How to manage your overdraft with balance transfer cards
Whether it’s because of unexpected expenses, poor money management or a monthly wage shortfall, using an overdraft on a month-by-month basis is becoming an increasingly popular borrowing option. With overdraft fees currently sitting at around 15-20% APR, or between 50p and £3 per day, borrowers will see a huge increase in their overdraft fees in 2020 with some banks increasing their fees to as much as 39.9% APR.
Borrowers and overdraft users who stay within their authorised limits will see a giant spike in fees in 2020, as several banks and building societies raise their overdraft fees to almost 40%. This comes off the back of changes being introduced by the Financial Conduct Authority (FCA) to prevent banks from charging higher prices for unarranged overdrafts than for arranged overdrafts.
What does this mean for borrowers?
These changes mean that providers will have to display an Annual Percentage Rate (APR) to enable borrowers to shop around for the best deal. So, in theory, these new rates are designed to help borrowers understand exactly what they will be charged for borrowing money. Figures show the cost of a £1,000 arranged overdraft could see a 129% increase in charges via First Direct and a 105% increase in charges via HSBC (Advance) this year. For example, for an arranged overdraft of £1,000 over 30 days, First Direct charges could increase from £9.15 to £20.99 per month.
If your current account overdraft facility is with M&S Bank, Nationwide, or RBS, you can expect to pay 39.9% in fees for your arranged overdraft from 14 March 2020. Nationwide Building society customers are already paying this rate across all adult account types.
“I’m stuck in my overdraft, what do I do?”
If you’re one of the two million people currently sat in their overdraft, all hope is not lost. With careful money management, credit cards can help to reduce overdraft fees and pay off overdrafts altogether.
Salam Haqqi from Money.co.uk suggests that a “0% balance transfer credit card is a great way to avoid paying interest on debts, as long as you can afford the monthly repayments”. By moving your overdraft debts from a costly authorised overdraft with 40% fees to a 0% interest credit card, you can avoid the huge fees and manage your debt.
The dangers of 0% balance transfer cards
However, Haqqi’s advice comes with a caveat: “While using 0% interest balance transfer cards can provide invaluable breathing space for those seeking to clear their debt, they do require careful management”, he warns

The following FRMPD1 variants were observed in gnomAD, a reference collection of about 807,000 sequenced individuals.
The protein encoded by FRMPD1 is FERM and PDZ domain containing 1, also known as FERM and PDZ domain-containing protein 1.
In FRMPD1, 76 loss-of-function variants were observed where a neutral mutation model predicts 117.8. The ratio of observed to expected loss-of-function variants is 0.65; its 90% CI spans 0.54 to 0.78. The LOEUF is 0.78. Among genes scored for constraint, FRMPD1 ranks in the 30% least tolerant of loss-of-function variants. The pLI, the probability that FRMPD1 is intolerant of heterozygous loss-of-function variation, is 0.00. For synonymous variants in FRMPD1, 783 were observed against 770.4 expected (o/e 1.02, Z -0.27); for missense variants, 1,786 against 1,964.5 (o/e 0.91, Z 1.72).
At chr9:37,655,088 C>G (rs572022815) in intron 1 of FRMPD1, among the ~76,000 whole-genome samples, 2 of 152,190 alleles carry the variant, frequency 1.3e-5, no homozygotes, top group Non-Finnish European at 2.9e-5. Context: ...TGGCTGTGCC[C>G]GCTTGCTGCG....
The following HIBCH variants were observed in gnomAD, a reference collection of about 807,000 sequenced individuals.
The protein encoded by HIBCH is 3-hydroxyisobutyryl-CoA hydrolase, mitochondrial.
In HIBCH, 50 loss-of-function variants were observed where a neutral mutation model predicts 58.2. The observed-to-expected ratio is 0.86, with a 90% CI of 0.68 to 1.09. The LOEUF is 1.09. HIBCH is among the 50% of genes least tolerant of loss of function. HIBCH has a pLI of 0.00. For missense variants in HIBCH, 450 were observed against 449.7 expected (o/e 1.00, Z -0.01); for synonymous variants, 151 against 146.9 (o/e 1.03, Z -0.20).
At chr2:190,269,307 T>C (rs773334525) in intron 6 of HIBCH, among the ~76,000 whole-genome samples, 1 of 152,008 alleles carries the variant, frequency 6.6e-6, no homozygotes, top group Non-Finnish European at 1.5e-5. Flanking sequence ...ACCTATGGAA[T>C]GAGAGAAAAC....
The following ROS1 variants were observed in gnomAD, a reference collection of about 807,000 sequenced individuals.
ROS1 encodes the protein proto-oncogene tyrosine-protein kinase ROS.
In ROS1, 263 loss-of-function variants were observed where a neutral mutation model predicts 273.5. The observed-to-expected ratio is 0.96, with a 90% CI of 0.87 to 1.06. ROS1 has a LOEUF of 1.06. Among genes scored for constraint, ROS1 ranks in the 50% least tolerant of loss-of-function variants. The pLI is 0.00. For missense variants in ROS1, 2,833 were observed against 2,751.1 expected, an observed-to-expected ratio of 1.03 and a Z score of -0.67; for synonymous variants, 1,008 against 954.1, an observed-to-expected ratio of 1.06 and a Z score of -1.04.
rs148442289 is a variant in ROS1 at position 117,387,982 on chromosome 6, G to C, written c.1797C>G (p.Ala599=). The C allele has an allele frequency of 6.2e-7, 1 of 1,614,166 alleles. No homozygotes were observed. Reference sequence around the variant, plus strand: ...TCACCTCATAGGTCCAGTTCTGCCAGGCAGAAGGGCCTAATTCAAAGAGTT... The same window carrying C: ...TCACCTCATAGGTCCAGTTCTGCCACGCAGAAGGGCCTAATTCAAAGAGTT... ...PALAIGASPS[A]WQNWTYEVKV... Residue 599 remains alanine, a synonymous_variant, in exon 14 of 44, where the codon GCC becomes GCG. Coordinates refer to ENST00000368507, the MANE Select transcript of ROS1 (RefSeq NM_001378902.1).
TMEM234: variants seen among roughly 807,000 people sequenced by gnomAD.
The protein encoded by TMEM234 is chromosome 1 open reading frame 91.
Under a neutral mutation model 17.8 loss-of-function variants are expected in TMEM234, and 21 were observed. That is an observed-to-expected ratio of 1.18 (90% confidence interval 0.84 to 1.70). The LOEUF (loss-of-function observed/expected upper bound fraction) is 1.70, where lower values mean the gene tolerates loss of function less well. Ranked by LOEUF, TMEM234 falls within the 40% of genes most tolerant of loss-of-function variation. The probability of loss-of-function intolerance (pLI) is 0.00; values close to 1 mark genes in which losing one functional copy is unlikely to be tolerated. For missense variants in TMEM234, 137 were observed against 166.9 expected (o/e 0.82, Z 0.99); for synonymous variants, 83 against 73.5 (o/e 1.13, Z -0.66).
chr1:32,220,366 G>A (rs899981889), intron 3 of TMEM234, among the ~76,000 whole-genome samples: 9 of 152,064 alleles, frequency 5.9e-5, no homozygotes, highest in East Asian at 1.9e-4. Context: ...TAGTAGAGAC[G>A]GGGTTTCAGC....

Even though a 0% balance transfer card allows you to switch your outstanding debts to a new card and pay them off without incurring interest for a set period, it’s crucial to pay back the balance in full before the end of the interest-free period. Otherwise, you may end up paying even higher credit card fees.
It’s important to note that most money transfer credit cards apply a fee of approximately 3%. However, this could still be significantly less than your overdraft fees if you bank with one of the providers who are planning to implement a 39.9% interest rate on overdraft amounts.
How to pay off an overdraft with an interest-free credit card
If you have a large overdraft to shift, you can limit the impact of expensive overdraft fees with a balance transfer credit card. By making a 0% money transfer from your credit card to your bank account you can remove your overdraft within the limited 0% period. Just as with a normal 0% balance transfer deal, cardholders can pay off a high-interest debt without the interest.
But remember, it’s vital to pay off the whole credit card balance before the end of the 0% period for this financial hack to work. Otherwise, the debt will have simply been moved to a credit card and after the end of the 0% period, this balance will need to be paid with interest.
Visit Money.co.uk to find out more about how to pay off your overdraft before the increase in fees.